What do “Iceman,” “The Smurfs” films and “G.I. Joe: Retaliation” all have in common? They’re makeup effects were created by Illusion Industries. Several films the FX team at Illusion Industries have worked on are making their theatrical debuts this year, and ShockYa was thrilled to speak with the owner and President of Illusion Industries, Todd Tucker, about makeup effects, the industry’s evolution and what project he would love to work on.

You can learn more about Illusion Industries at their website, Facebook page and Twitter page. You can also buy “Monster Mutt,” an in-house film directed by Tucker at Wal-Mart, Target and Amazon.com. “Monster Mutt” can also be seen on DirecTV, iTunes and Vudu.

“G.I. Joe: Retaliation” will be in theaters March 29. “Iceman” will hit theaters May 3 and “The Smurfs 2” comes to theaters July 31.

Being a movie fan, I’ve always been interested in how special effects work, so it’s really cool to talk to you today.

Todd Tucker: Thank you! There’s a lot of cool stuff to talk about when you’re building giant monsters and old age effects…It’s not your every day job, I’ll tell you that.

You have a lot of films coming out this year, such as Iceman and G.I. Joe: Retaliation and The Smurfs 2. How does it feel to have so many feel to have so many films with your stamp on it?

Todd Tucker: You know, I started this version of my company, Illusion Industries, about two-and-a-half years ago. One of the hard things about starting a new company…you have to kind of market it so that people understand who you are if you’ve been working in the industry as long as I have. And I have the same creative team that I’ve had for the last 10 years over all the different films we’ve worked on…For the first two-and-a-half years, all the films we worked on weren’t coming out; they’re all coming out this year. So there are actually seven films coming out this year. They range from, like you said, “The Smurfs”–a family comedy–we did the Hank Azaria “Gargamel” makeup. “Iceman” is a very tense, mafia story–we did some of the makeups for that, some of the period makeups and gore makeups. Then we did “G.I. Joe,” which is complete fantasy-action…we did all kinds of makeup effects on that, character makeups. And then we also did a movie called “Fort Bliss,” which is a drama, we did a movie called “The East,” which is also a drama. We did “Fright Night 2,” which is a horror film, a sequel to the Colin Farrell movie that just came out a few years ago. And we also did an untitled film with Renny Harlin [“The Dyaltov Pass Incident”] that was filmed in Russia. So, all of these films are supposed to come out this year, so it’s interesting to have all of the films we’ve worked on for the last two years come out at the same time.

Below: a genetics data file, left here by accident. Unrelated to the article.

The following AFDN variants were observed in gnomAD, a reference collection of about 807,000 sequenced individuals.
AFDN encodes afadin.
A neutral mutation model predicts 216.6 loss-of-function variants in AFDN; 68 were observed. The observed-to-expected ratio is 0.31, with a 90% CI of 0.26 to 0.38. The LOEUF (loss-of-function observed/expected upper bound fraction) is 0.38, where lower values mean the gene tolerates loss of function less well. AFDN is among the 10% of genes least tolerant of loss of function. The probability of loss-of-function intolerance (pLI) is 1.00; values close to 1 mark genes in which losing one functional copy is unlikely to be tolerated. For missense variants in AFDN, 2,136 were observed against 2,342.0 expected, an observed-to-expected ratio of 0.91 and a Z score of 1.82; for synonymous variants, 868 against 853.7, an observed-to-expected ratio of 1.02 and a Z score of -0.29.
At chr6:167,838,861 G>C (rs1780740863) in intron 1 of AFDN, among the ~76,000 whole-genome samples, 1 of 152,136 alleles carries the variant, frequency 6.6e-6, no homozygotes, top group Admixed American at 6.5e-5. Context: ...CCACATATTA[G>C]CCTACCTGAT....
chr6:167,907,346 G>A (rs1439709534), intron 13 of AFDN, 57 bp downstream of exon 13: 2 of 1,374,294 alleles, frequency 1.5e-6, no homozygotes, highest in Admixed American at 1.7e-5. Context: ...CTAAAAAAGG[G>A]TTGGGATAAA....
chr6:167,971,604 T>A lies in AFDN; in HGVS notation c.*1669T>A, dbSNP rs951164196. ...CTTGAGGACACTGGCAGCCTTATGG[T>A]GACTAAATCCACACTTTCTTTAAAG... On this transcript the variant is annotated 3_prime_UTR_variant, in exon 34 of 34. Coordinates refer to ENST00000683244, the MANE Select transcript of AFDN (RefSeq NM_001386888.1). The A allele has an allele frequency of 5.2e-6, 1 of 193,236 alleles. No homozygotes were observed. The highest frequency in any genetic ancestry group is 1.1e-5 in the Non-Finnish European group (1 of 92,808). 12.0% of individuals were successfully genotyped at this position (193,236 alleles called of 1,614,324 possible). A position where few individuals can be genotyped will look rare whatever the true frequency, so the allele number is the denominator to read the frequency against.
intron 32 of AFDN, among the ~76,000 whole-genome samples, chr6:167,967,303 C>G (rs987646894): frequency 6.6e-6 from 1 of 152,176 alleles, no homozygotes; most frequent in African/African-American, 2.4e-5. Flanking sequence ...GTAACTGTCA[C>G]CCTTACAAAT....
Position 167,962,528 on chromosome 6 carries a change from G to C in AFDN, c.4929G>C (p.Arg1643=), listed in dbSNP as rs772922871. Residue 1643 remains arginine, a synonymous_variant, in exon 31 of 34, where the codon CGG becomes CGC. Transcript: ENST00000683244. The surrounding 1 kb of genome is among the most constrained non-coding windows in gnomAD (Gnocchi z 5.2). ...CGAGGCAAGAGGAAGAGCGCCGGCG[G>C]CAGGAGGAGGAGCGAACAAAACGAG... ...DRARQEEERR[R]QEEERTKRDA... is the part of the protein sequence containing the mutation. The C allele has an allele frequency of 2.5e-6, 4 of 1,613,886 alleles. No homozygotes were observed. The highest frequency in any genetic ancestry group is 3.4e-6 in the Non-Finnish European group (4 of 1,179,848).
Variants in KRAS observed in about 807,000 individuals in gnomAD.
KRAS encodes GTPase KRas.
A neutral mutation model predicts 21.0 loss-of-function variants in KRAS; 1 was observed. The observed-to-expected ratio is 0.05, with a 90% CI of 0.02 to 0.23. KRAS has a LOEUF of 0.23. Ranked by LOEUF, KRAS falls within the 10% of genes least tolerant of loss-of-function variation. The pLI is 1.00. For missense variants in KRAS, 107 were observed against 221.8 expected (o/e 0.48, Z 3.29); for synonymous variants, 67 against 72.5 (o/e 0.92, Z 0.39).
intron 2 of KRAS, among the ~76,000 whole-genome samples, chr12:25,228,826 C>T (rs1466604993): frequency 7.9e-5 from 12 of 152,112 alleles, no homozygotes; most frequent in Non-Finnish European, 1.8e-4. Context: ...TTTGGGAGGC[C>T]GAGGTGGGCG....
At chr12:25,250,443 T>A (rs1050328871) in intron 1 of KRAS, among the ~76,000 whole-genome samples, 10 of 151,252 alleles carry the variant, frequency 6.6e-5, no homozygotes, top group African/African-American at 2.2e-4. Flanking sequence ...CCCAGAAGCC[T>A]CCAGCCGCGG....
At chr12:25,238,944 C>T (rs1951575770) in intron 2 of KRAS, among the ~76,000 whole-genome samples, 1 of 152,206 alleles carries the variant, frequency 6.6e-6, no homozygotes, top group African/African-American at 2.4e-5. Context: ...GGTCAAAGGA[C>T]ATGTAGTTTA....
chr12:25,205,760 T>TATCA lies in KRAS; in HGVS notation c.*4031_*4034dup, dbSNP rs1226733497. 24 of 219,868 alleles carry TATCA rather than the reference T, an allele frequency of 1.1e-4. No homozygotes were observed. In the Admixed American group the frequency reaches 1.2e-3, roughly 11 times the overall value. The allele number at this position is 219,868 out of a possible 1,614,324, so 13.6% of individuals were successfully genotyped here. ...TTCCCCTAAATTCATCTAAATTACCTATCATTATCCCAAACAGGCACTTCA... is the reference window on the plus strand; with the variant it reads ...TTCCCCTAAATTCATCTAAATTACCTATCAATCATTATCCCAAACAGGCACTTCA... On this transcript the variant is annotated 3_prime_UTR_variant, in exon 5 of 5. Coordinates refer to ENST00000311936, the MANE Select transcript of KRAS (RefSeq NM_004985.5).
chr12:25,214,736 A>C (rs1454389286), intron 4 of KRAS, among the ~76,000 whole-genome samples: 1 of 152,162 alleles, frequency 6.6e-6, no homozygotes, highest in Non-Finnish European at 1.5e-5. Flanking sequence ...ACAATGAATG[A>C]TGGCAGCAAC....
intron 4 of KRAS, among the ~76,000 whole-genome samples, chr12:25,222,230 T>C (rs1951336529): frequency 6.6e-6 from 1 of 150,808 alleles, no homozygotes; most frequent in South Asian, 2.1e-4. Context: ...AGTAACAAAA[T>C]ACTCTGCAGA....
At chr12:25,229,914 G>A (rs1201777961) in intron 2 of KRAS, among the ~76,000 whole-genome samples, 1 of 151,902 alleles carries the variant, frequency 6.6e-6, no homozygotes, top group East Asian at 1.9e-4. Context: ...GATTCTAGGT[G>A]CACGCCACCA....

What made you want to be in the special effects industry?

Todd Tucker: I was an only child that was obsessed with films as a kid and used to spend all my weekends in the theaters, so I knew I was going to be somehow involved in the film industry. I really enjoyed all the fantasy films and the Spielberg movies and the Lucas movies and all of the films from the ’80s. Growing up, I just knew I wanted to do this, and then I started learning how to sculpt and paint and make masks and makeups and puppets right around the end of high school. [I] then moved down here [to Los Angeles] in 1990 and started working. My first big studio film I worked on was “Hook,” which was great, because I got to sit there and watch Steven Spielberg do his thing. It was very cool.

Special effects in films have come a very long way, from the George Melies movies to Ray Harryhausen. What do you think of the special effects industry now, in its current form?

Well, the real challenge for the makeup effects industry now is that for a long time, you used foam latex appliances. Even going back to “The Wizard of Oz,” was foam latex. [It was in] “Planet of the Apes” and stuff like that. The cameras that are being used–because they’re not film anymore; they’re high, high-def digital cameras–see every single pore in the faces of all these actors. We’re now using more silicone makeups that have a translucency and look like real skin and move more realistically. So, the materials that we’re using are really what have advanced in makeup effects, but we really have no choice because the cameras see everything now. So the makeups have to look hyper-realistic to the point where it’s being looked at with a microscope. So they have to be very, very clean appliances.